Check this:

Now, given that the gauge of individual conductors in a ribbon cable is going to be rather small...28 ga is fairly typical, as can be 26 ga...the given maximum safe amperage (sometimes called 'ampacity') is 1400 mA for 28, 2200 mA for 26. YOU DO NOT WANT TO EXCEED THESE VALUES...because it ain't pretty when you do. We're talking electrical fire here, people! Yeah, even at 5 volts!

So the A-183-9 is limited to a maximum of 1A across its four USB ports for that exact reason. Product liability, basically. Dieter clearly doesn't endorse the idea of flaming gear!

It can be an interesting goal, though. I've done generative-type patches on some not-too-huge systems that involved less internal variation, but which used external processing variations to create all of the complexity. The key thing to remember is that your 'instrument' in electronic music isn't limited to the particular boxes in question, but is in fact made up of everything you've interconnected. Hence the entire 'studio-as-instrument' concept which you first start seeing with the likes of Brian Eno et al. Once the gear starts to get hooked to each other, the lines between where one device stops and another starts get very blurry.

Best way of conceiving of generative systems is the 'orders of control' concept which I'd first encountered in academia. Take a single LFO and patch it to a VCO to use it as a modulation source. That's 'one order'. Then take a second LFO, modulate the first LFO with it, and you get two. But the fun starts at 'two orders', because these can either be linear (like the above example) or they can involve feedback paths, such as sending part of the VCO's signal back to the LFO and making use of it to FM the LFO, which then affects how the VCO behaves, which then etc etc etc. Get on up into third orders and beyond, and this can get really involved and interesting.

Another way to break out of straight-up sequencing is to make use of generative variables in your DAW. Ableton Live, these days, is rife with possibilities invoving algorithmic, random, psuedorandom, arithmetical and even more mojoistic methods of generative structuring. Couple some of this with, say, Silent Way and an ES-8 interface in the modular, and then you can even bring these things directly into play in the synth itself...or since the ES-8 has four return lines, just take that 'feedback loop' concept above to utterly insane heights!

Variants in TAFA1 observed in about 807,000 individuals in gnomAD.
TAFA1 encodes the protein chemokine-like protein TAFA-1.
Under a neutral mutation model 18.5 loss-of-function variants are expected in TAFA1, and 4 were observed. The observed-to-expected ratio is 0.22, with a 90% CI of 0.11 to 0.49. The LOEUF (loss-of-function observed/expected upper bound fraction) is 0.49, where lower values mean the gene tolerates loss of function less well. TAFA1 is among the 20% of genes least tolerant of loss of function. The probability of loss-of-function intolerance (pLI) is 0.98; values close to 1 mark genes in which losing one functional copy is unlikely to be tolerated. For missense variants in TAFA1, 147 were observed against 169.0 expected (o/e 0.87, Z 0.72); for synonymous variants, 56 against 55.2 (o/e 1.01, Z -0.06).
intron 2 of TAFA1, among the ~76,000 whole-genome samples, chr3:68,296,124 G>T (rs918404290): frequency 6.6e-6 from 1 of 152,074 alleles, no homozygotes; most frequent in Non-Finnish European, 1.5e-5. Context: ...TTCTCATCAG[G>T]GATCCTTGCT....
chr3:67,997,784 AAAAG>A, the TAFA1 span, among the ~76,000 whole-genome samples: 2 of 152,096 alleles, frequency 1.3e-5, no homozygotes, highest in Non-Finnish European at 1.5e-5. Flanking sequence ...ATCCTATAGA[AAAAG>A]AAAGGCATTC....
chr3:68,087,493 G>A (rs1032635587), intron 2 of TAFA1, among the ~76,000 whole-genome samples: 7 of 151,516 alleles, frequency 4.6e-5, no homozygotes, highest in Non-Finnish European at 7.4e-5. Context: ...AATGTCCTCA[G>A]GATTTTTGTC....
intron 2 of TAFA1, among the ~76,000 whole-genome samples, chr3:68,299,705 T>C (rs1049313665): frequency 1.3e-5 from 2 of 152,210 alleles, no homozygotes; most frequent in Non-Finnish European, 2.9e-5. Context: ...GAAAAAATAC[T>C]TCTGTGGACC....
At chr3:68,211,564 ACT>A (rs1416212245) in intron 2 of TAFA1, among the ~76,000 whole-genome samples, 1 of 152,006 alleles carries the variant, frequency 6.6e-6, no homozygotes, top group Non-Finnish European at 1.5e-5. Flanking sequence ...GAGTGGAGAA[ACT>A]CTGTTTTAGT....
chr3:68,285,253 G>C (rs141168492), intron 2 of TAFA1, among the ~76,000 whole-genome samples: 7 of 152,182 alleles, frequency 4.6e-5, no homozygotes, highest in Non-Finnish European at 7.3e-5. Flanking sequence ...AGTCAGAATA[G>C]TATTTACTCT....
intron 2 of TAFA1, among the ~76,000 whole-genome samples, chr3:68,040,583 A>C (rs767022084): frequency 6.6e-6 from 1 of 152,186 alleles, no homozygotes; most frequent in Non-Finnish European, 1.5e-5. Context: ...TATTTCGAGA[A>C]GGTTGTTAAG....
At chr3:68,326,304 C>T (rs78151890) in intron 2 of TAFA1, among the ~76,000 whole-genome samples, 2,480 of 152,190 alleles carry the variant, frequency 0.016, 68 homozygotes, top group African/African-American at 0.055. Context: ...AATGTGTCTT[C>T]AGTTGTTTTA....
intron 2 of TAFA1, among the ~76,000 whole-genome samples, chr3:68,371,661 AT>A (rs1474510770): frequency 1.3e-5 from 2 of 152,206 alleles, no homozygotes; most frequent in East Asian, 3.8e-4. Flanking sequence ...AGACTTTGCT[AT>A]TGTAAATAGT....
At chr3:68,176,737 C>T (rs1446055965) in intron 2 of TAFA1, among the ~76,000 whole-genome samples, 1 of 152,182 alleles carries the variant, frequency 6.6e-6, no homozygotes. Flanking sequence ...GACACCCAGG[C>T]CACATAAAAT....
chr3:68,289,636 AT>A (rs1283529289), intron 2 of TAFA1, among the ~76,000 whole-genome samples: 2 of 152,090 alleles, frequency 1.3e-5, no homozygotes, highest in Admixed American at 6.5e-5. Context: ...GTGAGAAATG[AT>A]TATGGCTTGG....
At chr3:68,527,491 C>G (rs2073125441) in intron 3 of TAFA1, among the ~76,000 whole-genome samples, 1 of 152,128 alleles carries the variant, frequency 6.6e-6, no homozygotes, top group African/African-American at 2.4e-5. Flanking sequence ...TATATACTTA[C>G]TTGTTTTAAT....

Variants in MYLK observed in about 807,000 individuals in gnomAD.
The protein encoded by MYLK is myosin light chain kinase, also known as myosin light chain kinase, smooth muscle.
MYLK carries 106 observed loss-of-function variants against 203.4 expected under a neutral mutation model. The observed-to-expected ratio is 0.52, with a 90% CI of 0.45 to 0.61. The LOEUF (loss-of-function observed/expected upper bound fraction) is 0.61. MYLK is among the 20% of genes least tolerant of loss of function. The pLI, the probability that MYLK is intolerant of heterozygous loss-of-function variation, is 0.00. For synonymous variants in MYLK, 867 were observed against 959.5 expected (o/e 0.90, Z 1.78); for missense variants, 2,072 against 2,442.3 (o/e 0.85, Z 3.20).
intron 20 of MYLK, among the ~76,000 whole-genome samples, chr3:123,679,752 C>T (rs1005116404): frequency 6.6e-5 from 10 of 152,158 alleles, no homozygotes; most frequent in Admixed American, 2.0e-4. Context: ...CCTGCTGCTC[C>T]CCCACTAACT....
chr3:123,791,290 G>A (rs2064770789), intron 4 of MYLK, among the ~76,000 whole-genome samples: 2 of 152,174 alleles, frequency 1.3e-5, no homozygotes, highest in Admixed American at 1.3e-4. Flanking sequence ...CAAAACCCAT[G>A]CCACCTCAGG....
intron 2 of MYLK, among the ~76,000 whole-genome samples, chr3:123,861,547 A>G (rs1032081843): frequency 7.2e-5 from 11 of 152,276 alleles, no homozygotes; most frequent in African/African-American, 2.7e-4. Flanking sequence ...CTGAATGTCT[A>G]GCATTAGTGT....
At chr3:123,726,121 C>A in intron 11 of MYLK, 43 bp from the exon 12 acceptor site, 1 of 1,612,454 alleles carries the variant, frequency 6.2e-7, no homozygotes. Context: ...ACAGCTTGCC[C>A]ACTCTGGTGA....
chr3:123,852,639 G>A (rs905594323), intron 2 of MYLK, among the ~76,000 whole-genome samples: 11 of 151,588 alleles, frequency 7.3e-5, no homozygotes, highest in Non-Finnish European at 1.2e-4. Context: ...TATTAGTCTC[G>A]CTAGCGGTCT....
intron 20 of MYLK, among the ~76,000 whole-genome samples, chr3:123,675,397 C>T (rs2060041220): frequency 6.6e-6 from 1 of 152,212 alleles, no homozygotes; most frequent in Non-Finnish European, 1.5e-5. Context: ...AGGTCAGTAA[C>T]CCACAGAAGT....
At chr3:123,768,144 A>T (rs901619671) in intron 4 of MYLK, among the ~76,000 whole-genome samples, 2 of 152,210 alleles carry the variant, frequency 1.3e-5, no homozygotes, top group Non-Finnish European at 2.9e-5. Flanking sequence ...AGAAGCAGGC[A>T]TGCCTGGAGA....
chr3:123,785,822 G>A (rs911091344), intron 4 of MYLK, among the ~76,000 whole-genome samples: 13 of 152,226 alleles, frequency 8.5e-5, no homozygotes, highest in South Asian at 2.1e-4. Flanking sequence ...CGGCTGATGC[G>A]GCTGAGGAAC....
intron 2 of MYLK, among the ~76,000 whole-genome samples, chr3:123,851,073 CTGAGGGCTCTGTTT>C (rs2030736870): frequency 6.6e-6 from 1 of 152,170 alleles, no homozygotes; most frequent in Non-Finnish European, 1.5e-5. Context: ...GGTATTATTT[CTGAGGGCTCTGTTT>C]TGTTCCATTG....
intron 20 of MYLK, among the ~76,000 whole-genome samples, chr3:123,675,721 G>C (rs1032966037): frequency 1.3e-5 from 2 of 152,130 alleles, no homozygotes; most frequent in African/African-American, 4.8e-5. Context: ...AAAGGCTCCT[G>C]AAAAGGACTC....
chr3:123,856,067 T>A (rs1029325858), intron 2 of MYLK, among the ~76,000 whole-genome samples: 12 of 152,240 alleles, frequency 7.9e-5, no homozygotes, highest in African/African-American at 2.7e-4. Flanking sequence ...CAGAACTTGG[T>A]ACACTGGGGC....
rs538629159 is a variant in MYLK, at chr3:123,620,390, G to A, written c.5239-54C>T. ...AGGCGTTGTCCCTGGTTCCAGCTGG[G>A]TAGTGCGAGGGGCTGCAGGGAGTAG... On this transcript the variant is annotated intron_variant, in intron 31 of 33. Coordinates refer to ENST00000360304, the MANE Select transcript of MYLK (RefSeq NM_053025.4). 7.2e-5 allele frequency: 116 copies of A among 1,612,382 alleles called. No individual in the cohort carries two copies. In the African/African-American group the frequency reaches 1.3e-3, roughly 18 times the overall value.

Randomization doesn't equal generative, per se. It's a part of it, to generate variation, but you can't make up a decent generative structure out of pure randomness.

A better idea, and this actually would be generative:

-Take a series of LFOs. Four of these feed modally-set quantizers and cycle through their waveforms at slightly different periods. -Now, feed these four LFOs with differently-timed quadrature LFO signals, so that one of each pair of the first LFOs is offset by 90 degrees phase from the other.
-Next, feed these two quadrature LFOs with a single master LFO at a very low rate of change. Also, one of those feeds should go through a CV-able polarizer, which is being controlled by one of the quadrature LFOs (reverse-feedback control structure, more or less).
-Now, add comparators. These step the quantizers, and also provide trigger/gates for VCAs, VCFs, down the line, in the voice structure. We'll just deal with the control structure here, tho. Each comparator is paralleled to the initial LFO outputs via mults, but each one's trig/gate output affects a different voice than the originating LFO/quantizer pair controls the pitch of.
-Patch each of the quantizer outputs to a VCO in the voice chain, and then keep patching as normal for voicing.